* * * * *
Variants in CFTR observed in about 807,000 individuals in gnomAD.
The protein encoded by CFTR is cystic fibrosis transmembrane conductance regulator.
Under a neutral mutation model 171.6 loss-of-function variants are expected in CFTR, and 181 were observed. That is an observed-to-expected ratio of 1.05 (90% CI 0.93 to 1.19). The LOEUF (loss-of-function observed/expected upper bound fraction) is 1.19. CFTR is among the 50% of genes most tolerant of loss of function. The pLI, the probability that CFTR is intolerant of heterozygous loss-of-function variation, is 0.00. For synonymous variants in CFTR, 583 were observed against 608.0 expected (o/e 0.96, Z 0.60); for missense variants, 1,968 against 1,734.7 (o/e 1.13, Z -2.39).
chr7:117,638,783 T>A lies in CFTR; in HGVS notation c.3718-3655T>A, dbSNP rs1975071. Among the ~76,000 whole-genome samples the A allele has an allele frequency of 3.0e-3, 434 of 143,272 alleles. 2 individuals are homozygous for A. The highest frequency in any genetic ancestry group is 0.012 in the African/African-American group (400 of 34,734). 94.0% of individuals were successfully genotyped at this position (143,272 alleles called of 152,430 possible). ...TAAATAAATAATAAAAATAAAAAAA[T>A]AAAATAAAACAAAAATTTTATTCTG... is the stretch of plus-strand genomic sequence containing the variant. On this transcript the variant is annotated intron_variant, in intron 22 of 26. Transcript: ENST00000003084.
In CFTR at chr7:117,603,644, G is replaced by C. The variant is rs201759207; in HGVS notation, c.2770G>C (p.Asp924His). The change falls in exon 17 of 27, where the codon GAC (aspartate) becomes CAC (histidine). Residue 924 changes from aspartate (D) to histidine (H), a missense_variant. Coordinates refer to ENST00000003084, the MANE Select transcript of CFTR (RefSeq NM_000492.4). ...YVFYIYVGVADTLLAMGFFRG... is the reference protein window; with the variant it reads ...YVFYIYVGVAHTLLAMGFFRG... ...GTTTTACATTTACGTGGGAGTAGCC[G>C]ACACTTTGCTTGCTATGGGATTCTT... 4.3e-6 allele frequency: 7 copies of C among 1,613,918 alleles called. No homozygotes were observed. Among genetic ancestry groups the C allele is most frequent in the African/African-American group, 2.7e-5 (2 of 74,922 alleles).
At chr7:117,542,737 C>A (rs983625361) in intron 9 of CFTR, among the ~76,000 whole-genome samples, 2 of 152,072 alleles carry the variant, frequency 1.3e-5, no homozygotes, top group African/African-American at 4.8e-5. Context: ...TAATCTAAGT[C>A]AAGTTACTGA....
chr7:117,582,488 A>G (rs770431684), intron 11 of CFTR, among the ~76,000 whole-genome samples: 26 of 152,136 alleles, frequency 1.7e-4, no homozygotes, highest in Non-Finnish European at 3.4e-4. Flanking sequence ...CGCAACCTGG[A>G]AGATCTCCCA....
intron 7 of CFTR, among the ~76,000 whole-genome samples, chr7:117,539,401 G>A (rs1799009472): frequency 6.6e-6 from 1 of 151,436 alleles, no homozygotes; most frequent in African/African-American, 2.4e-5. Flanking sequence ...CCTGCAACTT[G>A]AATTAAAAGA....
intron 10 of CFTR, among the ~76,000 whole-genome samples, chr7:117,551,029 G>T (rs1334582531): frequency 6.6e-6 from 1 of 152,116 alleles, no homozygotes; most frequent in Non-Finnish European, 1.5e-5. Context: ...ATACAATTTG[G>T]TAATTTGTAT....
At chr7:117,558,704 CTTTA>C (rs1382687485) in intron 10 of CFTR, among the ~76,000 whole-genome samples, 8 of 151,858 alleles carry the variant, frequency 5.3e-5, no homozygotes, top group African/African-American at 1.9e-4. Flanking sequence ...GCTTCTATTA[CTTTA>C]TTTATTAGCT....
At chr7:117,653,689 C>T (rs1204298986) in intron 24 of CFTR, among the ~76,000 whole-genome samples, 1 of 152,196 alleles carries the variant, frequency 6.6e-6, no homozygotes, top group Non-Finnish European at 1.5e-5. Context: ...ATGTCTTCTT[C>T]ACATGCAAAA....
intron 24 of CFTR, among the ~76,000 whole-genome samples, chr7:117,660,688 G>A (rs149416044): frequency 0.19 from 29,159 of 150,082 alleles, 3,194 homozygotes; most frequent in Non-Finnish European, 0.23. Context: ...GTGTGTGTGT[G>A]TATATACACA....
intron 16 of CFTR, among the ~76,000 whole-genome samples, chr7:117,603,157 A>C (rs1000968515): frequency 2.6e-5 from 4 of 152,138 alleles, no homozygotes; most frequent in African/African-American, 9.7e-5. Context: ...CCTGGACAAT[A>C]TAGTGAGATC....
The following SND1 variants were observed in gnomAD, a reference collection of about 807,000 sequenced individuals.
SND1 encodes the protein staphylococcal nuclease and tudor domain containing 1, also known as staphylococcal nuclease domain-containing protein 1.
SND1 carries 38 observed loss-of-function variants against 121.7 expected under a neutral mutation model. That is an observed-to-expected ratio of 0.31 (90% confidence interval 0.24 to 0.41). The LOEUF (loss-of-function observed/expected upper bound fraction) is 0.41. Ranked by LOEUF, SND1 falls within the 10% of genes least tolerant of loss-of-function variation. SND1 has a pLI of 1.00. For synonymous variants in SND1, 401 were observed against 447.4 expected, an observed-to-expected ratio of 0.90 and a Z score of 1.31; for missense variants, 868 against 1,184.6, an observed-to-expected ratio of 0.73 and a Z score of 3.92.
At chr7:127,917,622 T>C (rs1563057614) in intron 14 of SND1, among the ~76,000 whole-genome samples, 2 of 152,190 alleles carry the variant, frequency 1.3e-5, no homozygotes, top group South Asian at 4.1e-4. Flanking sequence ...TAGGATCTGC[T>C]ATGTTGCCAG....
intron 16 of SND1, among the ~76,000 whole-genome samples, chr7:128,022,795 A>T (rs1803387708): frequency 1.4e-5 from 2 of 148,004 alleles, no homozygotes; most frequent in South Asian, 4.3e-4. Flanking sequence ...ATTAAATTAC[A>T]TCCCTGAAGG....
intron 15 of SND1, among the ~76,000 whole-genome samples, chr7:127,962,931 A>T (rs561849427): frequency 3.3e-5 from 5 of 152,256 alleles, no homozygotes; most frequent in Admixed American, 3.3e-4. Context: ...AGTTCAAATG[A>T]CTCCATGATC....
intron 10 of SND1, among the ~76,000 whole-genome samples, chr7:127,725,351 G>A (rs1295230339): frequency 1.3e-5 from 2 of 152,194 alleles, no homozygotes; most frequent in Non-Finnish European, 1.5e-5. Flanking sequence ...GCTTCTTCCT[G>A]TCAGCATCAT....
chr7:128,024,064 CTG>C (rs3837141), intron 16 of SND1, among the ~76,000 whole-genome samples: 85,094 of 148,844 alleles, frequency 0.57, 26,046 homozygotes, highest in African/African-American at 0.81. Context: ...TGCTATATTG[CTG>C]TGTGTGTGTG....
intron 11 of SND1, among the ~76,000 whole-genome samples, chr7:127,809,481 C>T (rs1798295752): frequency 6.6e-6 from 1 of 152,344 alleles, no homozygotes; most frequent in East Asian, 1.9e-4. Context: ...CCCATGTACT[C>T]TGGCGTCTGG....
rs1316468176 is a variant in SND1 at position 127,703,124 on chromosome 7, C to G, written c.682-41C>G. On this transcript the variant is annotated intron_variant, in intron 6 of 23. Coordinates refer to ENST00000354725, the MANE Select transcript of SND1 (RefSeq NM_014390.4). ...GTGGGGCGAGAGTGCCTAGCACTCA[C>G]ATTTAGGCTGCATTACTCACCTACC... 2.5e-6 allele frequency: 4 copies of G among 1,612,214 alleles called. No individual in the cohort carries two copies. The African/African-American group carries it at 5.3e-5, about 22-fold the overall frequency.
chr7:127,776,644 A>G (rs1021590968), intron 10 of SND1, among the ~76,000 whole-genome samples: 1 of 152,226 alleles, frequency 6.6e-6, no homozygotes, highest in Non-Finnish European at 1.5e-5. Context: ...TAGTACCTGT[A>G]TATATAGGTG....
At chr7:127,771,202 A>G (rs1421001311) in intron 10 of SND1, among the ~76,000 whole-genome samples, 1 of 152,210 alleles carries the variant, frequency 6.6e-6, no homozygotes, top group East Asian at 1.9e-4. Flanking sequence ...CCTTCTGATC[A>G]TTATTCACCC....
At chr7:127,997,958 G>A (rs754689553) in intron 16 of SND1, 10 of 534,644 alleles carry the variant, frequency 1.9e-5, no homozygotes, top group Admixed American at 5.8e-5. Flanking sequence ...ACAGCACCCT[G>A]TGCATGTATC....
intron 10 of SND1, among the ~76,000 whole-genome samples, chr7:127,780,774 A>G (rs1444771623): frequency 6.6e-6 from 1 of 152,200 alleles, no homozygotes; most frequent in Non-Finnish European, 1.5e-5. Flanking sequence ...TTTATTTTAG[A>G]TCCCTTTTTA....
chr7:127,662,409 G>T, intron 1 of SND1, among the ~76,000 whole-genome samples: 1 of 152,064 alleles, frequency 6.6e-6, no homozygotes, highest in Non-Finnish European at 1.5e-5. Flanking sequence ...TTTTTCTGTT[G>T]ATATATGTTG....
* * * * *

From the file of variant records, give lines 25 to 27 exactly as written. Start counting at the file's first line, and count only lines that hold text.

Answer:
At chr7:127,771,202 A>G (rs1421001311) in intron 10 of SND1, among the ~76,000 whole-genome samples, 1 of 152,210 alleles carries the variant, frequency 6.6e-6, no homozygotes, top group East Asian at 1.9e-4. Flanking sequence ...CCTTCTGATC[A>G]TTATTCACCC....
At chr7:127,997,958 G>A (rs754689553) in intron 16 of SND1, 10 of 534,644 alleles carry the variant, frequency 1.9e-5, no homozygotes, top group Admixed American at 5.8e-5. Flanking sequence ...ACAGCACCCT[G>A]TGCATGTATC....
intron 10 of SND1, among the ~76,000 whole-genome samples, chr7:127,780,774 A>G (rs1444771623): frequency 6.6e-6 from 1 of 152,200 alleles, no homozygotes; most frequent in Non-Finnish European, 1.5e-5. Flanking sequence ...TTTATTTTAG[A>G]TCCCTTTTTA....